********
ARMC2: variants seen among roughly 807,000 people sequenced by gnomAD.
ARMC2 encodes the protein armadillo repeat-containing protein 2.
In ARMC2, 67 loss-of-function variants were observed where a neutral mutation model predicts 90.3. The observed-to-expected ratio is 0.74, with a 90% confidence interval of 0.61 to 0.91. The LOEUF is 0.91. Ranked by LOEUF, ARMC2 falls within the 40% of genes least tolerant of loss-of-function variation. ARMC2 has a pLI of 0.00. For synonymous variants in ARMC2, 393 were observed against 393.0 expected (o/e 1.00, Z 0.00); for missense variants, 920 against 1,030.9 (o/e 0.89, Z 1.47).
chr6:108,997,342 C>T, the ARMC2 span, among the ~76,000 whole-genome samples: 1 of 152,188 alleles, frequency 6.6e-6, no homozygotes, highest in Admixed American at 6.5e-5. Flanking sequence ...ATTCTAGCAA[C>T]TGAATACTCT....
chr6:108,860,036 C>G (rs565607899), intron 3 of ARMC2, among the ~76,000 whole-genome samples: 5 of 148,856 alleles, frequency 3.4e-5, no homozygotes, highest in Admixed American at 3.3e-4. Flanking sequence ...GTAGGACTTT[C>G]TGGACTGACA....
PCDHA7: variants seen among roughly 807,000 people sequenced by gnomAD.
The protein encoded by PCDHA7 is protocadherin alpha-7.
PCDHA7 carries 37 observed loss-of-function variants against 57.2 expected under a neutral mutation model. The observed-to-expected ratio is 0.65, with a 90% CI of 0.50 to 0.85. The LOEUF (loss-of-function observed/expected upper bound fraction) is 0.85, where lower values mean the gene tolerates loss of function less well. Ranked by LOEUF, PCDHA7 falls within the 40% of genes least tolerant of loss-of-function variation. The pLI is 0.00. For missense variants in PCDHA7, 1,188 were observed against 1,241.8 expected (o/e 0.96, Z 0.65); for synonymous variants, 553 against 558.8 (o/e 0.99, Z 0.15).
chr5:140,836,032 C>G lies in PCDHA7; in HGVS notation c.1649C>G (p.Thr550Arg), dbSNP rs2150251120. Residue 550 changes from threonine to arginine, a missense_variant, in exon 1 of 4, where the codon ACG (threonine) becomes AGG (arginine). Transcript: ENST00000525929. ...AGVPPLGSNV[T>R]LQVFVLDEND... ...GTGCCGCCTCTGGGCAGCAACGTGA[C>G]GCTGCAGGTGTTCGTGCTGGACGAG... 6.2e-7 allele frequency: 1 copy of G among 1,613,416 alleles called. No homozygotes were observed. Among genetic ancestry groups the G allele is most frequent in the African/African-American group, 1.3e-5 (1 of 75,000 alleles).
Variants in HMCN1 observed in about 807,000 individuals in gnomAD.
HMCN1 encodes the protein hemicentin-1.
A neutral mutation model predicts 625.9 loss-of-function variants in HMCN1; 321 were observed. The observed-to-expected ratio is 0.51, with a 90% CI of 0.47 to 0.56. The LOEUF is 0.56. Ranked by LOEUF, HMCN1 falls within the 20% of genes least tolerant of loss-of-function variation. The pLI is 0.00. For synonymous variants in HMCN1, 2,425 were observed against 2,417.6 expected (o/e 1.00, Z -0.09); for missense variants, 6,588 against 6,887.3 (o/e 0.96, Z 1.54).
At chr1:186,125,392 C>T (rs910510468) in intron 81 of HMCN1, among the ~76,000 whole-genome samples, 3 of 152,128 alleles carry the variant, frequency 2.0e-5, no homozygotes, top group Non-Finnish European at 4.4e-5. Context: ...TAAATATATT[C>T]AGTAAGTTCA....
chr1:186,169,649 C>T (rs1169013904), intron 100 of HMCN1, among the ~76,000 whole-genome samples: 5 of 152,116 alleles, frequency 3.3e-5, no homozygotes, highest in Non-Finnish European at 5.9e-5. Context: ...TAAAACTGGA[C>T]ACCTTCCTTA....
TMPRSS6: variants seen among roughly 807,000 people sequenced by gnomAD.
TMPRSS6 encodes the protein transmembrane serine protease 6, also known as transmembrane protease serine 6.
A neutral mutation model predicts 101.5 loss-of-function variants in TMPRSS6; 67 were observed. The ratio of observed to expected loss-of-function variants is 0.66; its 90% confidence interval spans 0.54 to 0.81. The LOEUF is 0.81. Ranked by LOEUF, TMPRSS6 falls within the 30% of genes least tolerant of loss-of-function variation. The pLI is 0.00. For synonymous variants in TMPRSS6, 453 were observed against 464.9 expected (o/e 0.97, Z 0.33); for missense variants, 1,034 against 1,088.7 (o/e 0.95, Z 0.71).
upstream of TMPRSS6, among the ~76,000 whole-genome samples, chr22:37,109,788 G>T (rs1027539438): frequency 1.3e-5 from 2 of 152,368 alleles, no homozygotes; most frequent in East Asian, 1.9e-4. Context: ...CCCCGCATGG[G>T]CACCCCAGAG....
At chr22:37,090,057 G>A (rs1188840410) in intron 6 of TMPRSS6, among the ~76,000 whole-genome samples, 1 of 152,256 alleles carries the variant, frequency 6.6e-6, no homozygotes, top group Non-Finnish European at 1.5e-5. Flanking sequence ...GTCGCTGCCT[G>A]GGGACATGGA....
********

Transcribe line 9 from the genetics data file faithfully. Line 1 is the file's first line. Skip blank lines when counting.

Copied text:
chr5:140,836,032 C>G lies in PCDHA7; in HGVS notation c.1649C>G (p.Thr550Arg), dbSNP rs2150251120. Residue 550 changes from threonine to arginine, a missense_variant, in exon 1 of 4, where the codon ACG (threonine) becomes AGG (arginine). Transcript: ENST00000525929. ...AGVPPLGSNV[T>R]LQVFVLDEND... ...GTGCCGCCTCTGGGCAGCAACGTGA[C>G]GCTGCAGGTGTTCGTGCTGGACGAG... 6.2e-7 allele frequency: 1 copy of G among 1,613,416 alleles called. No homozygotes were observed. Among genetic ancestry groups the G allele is most frequent in the African/African-American group, 1.3e-5 (1 of 75,000 alleles).